Giving in and taking these heavy sedatives all seemed wrong, but I finally acquiesced when I had spent three weeks in a psych ward.  It felt like defeat, heinous compromise, but it was my only way out.  This kind of coercion is, I understand, rather common.  My father sent me to a program in Atlanta, and I checked myself out the very next day when the night staff shook the doors and, when I complained, asked me if the “voices” were bothering me and should they call the doctor.  Yikes.    All around me, the specter of poor treatment and neglect hung in the air, with medication the only true constant.  With desperation, my father sent me once again to a program, this time in Massachusetts.  Medication was recommended, even pushed a bit, albeit less than usual, but when it was discovered that I hadn’t been taking my dosages, it was handled elegantly, even joked about.  One of my counselors symbolically chucked them into the woods.  We went and got them moments later in case I ever actually felt like I needed them.  Equilibrium returned, and I found I didn’t them at all.  To this day.

At this point, I was well aware that my mind had a mind of it’s own.  The import of remaining sane motivated me to keep the psychedelics at bay, and I felt like I had something to prove in staying so.  I had been told by many that it was impossible to do so without medication, that I had a lifelong illness, that what I was experiencing had only one answer.  Whether or not they were right, what they proffered didn’t seem to do the trick.  Eating better, taking fish oil, and getting a nice bit of exercise in seemed to assist me in balance more than any drug ever did.  I began to do stand-up comedy, and whatever doubts I had about my ability to soldier on evaporated in the glare of satisfaction that presented itself whenever I performed.  I owe a lot to the people who did not fear me when I was crazy.  I owe a lot to compassion itself, as do we all.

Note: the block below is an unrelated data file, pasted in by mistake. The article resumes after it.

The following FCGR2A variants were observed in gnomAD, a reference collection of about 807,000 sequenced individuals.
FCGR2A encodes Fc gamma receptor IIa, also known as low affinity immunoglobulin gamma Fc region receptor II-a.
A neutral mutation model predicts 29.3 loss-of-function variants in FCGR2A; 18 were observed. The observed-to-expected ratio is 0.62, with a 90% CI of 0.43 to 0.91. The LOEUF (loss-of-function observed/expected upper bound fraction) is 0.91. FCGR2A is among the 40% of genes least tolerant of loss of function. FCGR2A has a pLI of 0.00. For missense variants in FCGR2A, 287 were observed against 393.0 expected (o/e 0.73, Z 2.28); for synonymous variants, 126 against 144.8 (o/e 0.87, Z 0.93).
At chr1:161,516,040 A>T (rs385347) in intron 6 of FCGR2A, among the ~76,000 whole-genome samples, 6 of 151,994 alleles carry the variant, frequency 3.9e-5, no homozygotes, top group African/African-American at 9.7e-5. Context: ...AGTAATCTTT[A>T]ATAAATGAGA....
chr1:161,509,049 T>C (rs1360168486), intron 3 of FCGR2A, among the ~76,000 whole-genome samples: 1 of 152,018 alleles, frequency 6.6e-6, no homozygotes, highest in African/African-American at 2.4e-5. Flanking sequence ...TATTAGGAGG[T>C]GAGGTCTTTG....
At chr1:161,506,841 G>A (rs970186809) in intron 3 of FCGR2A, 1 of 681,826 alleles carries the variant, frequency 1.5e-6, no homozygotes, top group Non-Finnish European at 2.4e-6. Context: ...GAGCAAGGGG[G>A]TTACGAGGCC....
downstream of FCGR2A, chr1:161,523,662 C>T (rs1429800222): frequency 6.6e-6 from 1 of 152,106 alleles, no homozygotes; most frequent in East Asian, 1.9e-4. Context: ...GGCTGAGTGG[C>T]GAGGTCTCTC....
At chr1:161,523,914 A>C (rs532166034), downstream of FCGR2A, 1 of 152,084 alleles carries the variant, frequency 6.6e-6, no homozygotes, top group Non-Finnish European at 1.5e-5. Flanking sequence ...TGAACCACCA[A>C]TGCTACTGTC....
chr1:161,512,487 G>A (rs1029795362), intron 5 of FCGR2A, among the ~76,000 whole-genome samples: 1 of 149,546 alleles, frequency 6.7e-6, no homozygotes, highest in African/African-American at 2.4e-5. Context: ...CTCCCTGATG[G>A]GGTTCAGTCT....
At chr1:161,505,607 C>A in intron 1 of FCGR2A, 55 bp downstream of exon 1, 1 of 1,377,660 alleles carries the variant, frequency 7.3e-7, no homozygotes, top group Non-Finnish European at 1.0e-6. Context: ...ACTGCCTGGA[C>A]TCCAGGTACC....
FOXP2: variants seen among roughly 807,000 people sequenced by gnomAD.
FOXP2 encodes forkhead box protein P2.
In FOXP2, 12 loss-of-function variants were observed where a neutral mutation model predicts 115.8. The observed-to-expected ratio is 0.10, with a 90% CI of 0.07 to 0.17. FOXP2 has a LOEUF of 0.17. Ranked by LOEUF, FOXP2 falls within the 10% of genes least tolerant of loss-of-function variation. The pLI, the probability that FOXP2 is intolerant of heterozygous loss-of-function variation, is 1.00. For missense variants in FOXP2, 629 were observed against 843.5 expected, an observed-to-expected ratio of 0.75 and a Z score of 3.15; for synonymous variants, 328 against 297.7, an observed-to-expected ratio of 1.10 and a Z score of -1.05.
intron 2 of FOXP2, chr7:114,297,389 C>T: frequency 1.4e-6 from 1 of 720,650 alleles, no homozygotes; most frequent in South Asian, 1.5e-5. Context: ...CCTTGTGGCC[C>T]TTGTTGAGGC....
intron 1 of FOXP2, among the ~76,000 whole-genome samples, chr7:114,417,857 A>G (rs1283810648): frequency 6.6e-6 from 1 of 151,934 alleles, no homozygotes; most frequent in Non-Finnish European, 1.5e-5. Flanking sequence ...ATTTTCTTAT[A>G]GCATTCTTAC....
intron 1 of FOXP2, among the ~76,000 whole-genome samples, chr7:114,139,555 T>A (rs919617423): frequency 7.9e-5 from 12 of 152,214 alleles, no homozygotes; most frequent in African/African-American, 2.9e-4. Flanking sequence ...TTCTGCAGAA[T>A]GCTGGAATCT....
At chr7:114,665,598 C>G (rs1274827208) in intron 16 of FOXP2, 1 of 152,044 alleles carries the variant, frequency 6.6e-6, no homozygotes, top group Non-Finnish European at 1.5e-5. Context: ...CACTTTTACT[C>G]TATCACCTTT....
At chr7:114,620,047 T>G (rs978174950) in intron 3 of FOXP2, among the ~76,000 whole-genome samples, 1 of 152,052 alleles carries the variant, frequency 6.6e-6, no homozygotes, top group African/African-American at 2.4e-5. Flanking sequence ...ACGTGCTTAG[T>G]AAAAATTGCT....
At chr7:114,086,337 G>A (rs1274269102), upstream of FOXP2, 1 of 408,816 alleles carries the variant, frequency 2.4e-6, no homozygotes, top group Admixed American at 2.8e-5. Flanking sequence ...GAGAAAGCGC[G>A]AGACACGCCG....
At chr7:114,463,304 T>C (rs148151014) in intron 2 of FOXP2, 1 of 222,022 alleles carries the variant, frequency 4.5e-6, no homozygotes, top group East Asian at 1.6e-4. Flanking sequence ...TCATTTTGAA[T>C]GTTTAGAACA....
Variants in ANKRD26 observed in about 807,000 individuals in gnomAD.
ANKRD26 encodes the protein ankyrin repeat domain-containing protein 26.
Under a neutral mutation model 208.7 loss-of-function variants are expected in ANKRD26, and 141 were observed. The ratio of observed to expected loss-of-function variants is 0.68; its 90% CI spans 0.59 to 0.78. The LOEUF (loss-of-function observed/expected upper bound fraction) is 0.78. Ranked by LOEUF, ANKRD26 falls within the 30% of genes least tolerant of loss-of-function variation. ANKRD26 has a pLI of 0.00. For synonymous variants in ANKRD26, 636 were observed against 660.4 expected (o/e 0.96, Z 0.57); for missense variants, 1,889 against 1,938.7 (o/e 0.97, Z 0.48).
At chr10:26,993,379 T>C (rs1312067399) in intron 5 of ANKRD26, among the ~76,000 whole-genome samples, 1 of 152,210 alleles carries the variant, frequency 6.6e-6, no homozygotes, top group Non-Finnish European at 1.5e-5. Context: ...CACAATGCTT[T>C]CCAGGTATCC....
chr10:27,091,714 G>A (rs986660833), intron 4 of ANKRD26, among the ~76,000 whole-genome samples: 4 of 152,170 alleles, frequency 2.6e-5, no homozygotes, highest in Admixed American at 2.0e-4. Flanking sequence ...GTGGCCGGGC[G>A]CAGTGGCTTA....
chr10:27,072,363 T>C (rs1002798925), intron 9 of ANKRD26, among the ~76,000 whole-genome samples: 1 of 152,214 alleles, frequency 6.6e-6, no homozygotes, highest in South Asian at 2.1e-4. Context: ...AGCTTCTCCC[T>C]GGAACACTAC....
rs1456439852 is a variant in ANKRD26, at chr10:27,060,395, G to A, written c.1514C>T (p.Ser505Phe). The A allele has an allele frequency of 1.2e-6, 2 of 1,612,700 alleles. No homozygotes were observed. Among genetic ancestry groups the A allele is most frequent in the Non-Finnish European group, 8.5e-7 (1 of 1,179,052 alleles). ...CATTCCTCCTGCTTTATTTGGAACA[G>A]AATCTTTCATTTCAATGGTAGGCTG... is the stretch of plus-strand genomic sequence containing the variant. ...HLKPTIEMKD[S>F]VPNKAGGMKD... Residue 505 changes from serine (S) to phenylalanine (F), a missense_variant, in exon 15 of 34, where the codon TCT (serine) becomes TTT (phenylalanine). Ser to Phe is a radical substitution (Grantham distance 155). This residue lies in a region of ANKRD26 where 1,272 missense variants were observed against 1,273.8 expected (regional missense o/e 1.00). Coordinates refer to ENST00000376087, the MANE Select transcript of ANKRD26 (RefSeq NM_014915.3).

A staff member whom I regularly discussed the mental health industry with recommended I get a job working at a therapeutic community, and I was initially hesitant.  I wanted a future, but I was still lazy and hating myself for spending three months feeling insane and burning bridges.  When I interviewed for a position, however, I fell in love with the place, and with the idea of providing the same jovial non-judgment that helped me weather the mental health system.  After departing from there, I moved to North Carolina to do the same thing.  I love my work, and I love being on the other side of it and knowing that, at least if a patient meets me, they don’t have to worry about feeling corralled, feeling like a broken object of prejudice or spite.

It’s been over two years since I was last crazy.  That’s all I ever really call it.  Crazy.  The labels all seem to me to obfuscate, water down, or pigeonhole the truth— that there is a chaos present in our thinking that can sometimes make human co-existence a bit rough— at the moment.  With community and a sense of acceptance, I found myself coming out of that state rapidly and assimilating back into the fold.  With luck, I’ll stay there, but I like to think we can make our own luck.